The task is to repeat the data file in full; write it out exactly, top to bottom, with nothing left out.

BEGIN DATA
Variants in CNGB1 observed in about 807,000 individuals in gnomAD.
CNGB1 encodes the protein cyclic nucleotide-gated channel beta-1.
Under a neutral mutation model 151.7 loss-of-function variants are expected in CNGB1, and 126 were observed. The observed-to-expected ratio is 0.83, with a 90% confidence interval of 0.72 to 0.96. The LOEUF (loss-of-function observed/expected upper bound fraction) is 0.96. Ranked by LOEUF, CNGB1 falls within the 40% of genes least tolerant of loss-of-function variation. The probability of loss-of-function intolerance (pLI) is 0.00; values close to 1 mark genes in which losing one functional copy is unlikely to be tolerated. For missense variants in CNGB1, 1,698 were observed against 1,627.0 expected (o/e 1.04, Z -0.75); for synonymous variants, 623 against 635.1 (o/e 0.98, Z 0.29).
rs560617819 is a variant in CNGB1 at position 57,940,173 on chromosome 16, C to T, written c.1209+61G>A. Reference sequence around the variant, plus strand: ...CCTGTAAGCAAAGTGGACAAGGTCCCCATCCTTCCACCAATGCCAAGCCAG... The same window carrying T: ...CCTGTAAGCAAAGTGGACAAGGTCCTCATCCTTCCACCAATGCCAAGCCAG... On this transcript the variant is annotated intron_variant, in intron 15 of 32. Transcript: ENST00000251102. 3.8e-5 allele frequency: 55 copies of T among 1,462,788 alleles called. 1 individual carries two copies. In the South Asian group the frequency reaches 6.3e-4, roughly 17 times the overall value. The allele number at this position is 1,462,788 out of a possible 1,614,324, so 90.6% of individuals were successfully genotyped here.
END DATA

Variants in CNGB1 observed in about 807,000 individuals in gnomAD.
CNGB1 encodes the protein cyclic nucleotide-gated channel beta-1.
Under a neutral mutation model 151.7 loss-of-function variants are expected in CNGB1, and 126 were observed. The observed-to-expected ratio is 0.83, with a 90% confidence interval of 0.72 to 0.96. The LOEUF (loss-of-function observed/expected upper bound fraction) is 0.96. Ranked by LOEUF, CNGB1 falls within the 40% of genes least tolerant of loss-of-function variation. The probability of loss-of-function intolerance (pLI) is 0.00; values close to 1 mark genes in which losing one functional copy is unlikely to be tolerated. For missense variants in CNGB1, 1,698 were observed against 1,627.0 expected (o/e 1.04, Z -0.75); for synonymous variants, 623 against 635.1 (o/e 0.98, Z 0.29).
rs560617819 is a variant in CNGB1 at position 57,940,173 on chromosome 16, C to T, written c.1209+61G>A. Reference sequence around the variant, plus strand: ...CCTGTAAGCAAAGTGGACAAGGTCCCCATCCTTCCACCAATGCCAAGCCAG... The same window carrying T: ...CCTGTAAGCAAAGTGGACAAGGTCCTCATCCTTCCACCAATGCCAAGCCAG... On this transcript the variant is annotated intron_variant, in intron 15 of 32. Transcript: ENST00000251102. 3.8e-5 allele frequency: 55 copies of T among 1,462,788 alleles called. 1 individual carries two copies. In the South Asian group the frequency reaches 6.3e-4, roughly 17 times the overall value. The allele number at this position is 1,462,788 out of a possible 1,614,324, so 90.6% of individuals were successfully genotyped here.